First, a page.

Presumptive Democratic nominee Joe Biden has picked Sen. Kamala Harris (D–Calif.) as his running mate, making her the first African American vice-presidential candidate in U.S. history.
Harris had positioned herself during the primary campaign as a reformer who has tirelessly worked to correct the abuses of the criminal justice system, and she confronted Biden in the debates about his atrocious record on race and law-and-order policies.
Biden will rely on Harris to energize the ticket and win over the progressive wing of the Democratic Party. The irony of Biden's decision, particularly in the wake of widespread protests against police misconduct and racial injustice, is that Harris has her own troubling record on criminal justice issues.
Like Biden, Harris deserves credit for endorsing vital reforms even at this stage in her career, but it's worth setting the record straight about her priorities over the course of her 16 years in public life, before criminal justice reform became front and center for the Democratic Party.
Harris' record is that of a 1980s-style drug warrior, a defender of dirty prosecutors, and a political opportunist who made life more dangerous for sex workers.
Harris's political rise has been propelled by a yearslong, high-profile campaign against alleged sex traffickers. What she's actually done is help throw women in jail for having consensual sex, while trampling on the rule of law to advance her own political ambitions.
Ignoring the pleas of sex workers and human rights advocates for over a decade, she fought campaigns to decriminalize consensual adult prostitution in California. As California's attorney general, she helped lead a statewide program to get truckers to report suspected sex workers to police. These policies didn't stop traffickers, but they did land plenty of sex workers behind bars.
Harris fought to destroy Backpage.com, a classified ads site that sex workers used to find and screen clients, even though she publicly admitted that the site's founders, Michael Lacey and James Larkin, were protected from prosecution under federal speech law. But a month before Election Day while running for Senate, Harris went ahead and had them arrested anyway, parading them before cameras on pimping charges, which were then promptly dismissed by a judge.
When Harris got to Congress, she kept up her crusade, becoming a big proponent of the 2018 law known as FOSTA-SESTA. The result was that many sex workers had no choice but to return to the streets, where soliciting clients is considerably more dangerous.
In her memoir, Harris decries America's "deep and dark history" of "people using the power of the prosecutor as an instrument of injustice," by framing innocent men or hiding exculpatory evidence. But during her time as California's top cop, she contributed to that history by repeatedly going to bat for dirty prosecutors.
Her office appealed the dismissal of a case in which a prosecutor had fabricated a confession to secure a conviction and fought an appeal in a case where the prosecutor lied to a jury during trial. In 2015, Harris tried to stop the removal of the Orange County District Attorney's office from a murder trial after it repeatedly failed to turn over evidence to the defense.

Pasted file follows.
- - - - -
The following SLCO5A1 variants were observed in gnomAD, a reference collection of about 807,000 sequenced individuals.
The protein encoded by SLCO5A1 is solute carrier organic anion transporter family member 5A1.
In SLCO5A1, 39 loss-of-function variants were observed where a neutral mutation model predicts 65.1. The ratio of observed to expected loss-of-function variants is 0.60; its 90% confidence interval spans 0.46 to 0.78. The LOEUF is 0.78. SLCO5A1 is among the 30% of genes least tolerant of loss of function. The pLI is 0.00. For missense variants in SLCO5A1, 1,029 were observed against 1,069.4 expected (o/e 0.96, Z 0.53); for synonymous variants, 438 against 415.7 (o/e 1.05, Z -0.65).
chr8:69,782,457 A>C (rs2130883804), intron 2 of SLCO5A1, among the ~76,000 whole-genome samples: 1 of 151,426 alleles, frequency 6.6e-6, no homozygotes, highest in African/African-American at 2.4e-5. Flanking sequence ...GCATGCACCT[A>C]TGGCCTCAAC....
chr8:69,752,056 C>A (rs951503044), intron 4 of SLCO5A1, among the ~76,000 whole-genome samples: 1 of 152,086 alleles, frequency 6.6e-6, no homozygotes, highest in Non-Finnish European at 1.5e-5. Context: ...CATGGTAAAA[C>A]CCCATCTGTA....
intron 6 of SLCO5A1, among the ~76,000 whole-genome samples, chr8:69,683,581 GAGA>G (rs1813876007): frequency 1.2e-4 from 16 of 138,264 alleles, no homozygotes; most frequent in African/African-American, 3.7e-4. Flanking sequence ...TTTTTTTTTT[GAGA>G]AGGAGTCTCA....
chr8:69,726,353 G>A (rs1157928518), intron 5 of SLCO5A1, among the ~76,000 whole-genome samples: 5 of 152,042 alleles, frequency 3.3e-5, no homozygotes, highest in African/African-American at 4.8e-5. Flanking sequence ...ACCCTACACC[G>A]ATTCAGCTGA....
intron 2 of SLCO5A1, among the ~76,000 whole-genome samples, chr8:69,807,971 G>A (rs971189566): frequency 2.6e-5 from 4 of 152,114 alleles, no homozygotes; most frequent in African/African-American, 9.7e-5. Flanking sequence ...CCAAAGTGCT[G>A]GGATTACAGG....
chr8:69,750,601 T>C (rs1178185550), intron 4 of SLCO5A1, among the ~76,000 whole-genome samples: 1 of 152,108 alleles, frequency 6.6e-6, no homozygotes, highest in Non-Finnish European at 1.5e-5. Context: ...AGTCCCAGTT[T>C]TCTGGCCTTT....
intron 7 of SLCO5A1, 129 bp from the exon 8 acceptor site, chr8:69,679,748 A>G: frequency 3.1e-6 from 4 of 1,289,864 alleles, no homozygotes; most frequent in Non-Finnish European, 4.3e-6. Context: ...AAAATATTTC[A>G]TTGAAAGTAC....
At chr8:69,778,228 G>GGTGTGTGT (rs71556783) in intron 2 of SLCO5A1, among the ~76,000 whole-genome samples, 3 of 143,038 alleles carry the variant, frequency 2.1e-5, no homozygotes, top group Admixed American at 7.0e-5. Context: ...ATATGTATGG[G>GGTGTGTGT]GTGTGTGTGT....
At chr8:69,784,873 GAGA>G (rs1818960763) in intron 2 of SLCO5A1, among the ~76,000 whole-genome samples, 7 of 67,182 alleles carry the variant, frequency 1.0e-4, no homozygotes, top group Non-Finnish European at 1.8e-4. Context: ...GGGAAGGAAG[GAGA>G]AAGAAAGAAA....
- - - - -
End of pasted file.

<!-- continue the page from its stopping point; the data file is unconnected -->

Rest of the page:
Her office even tried to keep a man in jail who had been wrongfully incarcerated for 13 years—even after a judge ruled he had proven himself innocent—because the man hadn't delivered the proof fast enough.
And as San Francisco District Attorney, Harris hid known misconduct by a crime lab technician who admitted to deliberately tainting evidence. The debacle has since led to the dismissal of hundreds of criminal cases.
The War on Drugs
Harris is a former drug warrior who is now refashioning herself as pro-legalization. That's a positive shift—but not a reason to rewrite the past or ignore the patterns it reveals in her judgment. For years after the cultural tide had turned in support of criminal justice reforms, Harris continued to support lock-'em-up policies that disproportionately hurt minorities.
As California's attorney general, Harris opposed marijuana legalization as late as 2014, promoted civil asset forfeiture without a conviction as a way to fight drug rings, and sought to more aggressively police prescription drug use.
In her recent book, The Truths We Hold: An American Journey, Harris reveals that her drug warrior mentality hasn't changed; it's just that her emphasis has shifted. Now she's hoping to funnel even more funds to law enforcement to "cut off the supply of fentanyl from China," and to "reinstate the DEA's [Drug Enforcement Administration] authority to go after the major pharmaceutical manufacturers and distributors."
Harris is now an outspoken critic of America's system of mass incarceration, but she's worked hard over the years to lock more people up, for longer. And once these people were in prison, Harris saw to it that they'd have a hell of a time getting out.
Harris's office also fought an order to reduce California prison populations after the U.S. Supreme Court determined the conditions amounted to cruel and unusual punishment. Though she later claimed to be "shocked" at what they had done, Harris's attorneys argued that nonviolent offenders should stay behind bars because the state needed their cheap labor.
As she tries to convince voters to put her a heartbeat away from the presidency, Kamala Harris is trying to rewrite her last chapter. But her record is yet another reminder of the terrible choice voters face in the 2020 election.
Hosted by Katherine Mangu-Ward, written and edited by Justin Monticello, shot by Austin Bragg and Meredith Bragg, additional graphics by Joshua Swain and Isaac Reese
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